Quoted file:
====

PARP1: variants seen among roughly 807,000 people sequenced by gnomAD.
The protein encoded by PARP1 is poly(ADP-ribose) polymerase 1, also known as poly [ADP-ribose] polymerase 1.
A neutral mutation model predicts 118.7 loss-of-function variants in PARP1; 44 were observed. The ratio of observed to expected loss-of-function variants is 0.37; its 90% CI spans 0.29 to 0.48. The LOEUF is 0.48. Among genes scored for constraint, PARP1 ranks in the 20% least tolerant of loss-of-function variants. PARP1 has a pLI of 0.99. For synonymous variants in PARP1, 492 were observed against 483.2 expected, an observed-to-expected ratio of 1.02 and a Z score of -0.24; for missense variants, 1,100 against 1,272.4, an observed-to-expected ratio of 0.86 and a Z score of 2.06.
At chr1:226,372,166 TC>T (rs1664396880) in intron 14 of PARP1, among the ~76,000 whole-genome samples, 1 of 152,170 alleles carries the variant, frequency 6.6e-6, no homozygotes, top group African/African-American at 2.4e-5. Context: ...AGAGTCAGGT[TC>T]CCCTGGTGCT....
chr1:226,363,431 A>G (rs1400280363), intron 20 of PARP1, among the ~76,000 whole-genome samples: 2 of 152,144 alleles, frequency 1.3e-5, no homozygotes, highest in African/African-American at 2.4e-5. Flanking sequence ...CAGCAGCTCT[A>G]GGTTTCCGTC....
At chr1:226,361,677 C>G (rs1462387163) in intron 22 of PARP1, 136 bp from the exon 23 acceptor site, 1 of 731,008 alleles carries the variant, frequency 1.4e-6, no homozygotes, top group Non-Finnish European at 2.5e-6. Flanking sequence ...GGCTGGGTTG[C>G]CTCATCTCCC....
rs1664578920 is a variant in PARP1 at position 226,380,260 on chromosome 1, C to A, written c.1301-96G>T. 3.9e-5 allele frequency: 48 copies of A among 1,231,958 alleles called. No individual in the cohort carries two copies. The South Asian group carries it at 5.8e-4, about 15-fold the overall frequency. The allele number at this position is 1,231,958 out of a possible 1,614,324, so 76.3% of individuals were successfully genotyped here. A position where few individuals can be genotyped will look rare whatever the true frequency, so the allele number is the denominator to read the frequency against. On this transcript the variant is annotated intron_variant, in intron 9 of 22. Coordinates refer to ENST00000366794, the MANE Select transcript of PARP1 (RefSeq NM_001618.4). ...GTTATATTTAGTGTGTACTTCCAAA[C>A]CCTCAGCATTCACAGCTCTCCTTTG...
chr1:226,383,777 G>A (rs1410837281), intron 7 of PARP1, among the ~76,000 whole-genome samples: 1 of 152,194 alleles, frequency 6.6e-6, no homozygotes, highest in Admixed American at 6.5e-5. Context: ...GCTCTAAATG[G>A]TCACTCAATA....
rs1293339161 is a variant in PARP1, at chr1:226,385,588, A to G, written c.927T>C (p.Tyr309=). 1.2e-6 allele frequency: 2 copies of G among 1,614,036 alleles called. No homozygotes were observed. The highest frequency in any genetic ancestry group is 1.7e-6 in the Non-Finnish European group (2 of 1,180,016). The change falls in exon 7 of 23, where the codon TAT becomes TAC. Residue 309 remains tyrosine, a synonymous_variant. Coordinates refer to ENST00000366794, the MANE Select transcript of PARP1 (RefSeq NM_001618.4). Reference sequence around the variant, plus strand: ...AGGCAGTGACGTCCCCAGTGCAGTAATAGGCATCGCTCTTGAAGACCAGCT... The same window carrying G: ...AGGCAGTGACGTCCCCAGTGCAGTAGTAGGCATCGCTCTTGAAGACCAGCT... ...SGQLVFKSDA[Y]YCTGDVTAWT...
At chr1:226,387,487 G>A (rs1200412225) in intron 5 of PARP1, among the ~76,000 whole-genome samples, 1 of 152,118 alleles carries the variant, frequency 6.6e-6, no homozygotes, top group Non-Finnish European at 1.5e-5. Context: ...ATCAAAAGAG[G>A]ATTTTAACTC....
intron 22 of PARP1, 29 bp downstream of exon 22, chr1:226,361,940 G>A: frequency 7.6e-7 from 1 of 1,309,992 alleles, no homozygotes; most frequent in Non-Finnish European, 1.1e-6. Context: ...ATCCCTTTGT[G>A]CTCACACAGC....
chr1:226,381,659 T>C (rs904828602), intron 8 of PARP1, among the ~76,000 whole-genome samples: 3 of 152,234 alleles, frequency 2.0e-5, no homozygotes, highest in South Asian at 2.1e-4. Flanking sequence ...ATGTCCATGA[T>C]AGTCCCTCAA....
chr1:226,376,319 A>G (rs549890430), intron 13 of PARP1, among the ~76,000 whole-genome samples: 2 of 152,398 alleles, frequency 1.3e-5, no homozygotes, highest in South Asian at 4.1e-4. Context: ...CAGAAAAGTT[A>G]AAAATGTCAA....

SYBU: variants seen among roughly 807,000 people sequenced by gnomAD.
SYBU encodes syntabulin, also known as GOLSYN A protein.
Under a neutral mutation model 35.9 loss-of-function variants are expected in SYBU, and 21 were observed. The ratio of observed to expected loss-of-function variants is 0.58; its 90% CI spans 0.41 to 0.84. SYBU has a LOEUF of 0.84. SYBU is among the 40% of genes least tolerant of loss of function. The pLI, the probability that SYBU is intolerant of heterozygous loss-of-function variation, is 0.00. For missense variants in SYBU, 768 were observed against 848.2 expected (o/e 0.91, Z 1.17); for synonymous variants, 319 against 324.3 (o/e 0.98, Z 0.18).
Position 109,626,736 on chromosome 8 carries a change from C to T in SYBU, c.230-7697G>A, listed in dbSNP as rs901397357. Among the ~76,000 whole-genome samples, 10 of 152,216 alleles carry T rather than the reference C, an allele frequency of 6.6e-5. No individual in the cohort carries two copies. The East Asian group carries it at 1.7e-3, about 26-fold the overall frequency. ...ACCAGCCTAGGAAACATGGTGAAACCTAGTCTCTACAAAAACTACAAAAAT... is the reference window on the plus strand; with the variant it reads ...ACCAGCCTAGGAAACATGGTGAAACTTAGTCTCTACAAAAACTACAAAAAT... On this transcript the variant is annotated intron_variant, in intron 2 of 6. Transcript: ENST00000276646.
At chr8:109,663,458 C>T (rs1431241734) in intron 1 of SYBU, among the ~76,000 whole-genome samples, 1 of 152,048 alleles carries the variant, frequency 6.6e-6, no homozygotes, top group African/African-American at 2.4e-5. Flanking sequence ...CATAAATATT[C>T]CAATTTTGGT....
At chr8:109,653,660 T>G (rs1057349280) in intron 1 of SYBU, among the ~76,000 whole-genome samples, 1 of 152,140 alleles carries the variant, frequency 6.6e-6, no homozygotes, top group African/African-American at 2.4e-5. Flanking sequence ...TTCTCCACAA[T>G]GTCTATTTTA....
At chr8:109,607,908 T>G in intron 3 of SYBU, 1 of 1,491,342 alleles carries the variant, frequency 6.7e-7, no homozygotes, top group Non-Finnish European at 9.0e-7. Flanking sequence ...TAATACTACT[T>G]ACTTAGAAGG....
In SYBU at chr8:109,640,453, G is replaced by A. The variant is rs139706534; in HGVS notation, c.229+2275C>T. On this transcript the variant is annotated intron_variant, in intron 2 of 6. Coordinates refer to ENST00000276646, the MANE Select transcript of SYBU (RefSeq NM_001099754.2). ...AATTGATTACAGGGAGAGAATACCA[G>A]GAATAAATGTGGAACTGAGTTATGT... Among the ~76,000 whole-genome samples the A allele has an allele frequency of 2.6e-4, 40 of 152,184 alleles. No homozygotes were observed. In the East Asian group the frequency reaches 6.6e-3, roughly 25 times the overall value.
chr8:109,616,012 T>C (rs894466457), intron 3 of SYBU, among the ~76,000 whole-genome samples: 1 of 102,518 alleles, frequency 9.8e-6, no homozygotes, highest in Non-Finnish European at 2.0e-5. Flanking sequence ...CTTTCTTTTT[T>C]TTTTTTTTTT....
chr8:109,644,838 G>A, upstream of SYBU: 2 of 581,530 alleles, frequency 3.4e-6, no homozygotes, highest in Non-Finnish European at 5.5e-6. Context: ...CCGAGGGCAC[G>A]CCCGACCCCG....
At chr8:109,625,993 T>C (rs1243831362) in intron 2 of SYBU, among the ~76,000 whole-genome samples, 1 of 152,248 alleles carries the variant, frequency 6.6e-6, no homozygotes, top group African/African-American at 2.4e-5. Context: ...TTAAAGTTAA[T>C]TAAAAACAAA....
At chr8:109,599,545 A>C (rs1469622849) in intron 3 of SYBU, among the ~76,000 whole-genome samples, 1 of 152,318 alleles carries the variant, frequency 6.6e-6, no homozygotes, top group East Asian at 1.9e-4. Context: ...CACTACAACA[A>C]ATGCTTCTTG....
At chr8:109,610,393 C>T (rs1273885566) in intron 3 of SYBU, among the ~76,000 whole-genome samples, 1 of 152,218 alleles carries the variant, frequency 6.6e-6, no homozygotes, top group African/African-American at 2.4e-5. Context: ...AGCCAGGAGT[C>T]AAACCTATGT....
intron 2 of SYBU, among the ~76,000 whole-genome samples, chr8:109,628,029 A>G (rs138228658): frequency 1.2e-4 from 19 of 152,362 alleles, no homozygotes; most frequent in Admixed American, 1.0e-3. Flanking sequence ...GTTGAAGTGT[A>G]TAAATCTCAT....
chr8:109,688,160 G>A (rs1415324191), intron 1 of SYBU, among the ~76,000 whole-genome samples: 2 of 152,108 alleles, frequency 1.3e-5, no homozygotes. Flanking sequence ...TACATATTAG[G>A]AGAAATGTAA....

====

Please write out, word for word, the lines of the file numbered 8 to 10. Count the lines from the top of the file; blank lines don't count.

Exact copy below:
chr1:226,383,777 G>A (rs1410837281), intron 7 of PARP1, among the ~76,000 whole-genome samples: 1 of 152,194 alleles, frequency 6.6e-6, no homozygotes, highest in Admixed American at 6.5e-5. Context: ...GCTCTAAATG[G>A]TCACTCAATA....
rs1293339161 is a variant in PARP1, at chr1:226,385,588, A to G, written c.927T>C (p.Tyr309=). 1.2e-6 allele frequency: 2 copies of G among 1,614,036 alleles called. No homozygotes were observed. The highest frequency in any genetic ancestry group is 1.7e-6 in the Non-Finnish European group (2 of 1,180,016). The change falls in exon 7 of 23, where the codon TAT becomes TAC. Residue 309 remains tyrosine, a synonymous_variant. Coordinates refer to ENST00000366794, the MANE Select transcript of PARP1 (RefSeq NM_001618.4). Reference sequence around the variant, plus strand: ...AGGCAGTGACGTCCCCAGTGCAGTAATAGGCATCGCTCTTGAAGACCAGCT... The same window carrying G: ...AGGCAGTGACGTCCCCAGTGCAGTAGTAGGCATCGCTCTTGAAGACCAGCT... ...SGQLVFKSDA[Y]YCTGDVTAWT...
At chr1:226,387,487 G>A (rs1200412225) in intron 5 of PARP1, among the ~76,000 whole-genome samples, 1 of 152,118 alleles carries the variant, frequency 6.6e-6, no homozygotes, top group Non-Finnish European at 1.5e-5. Context: ...ATCAAAAGAG[G>A]ATTTTAACTC....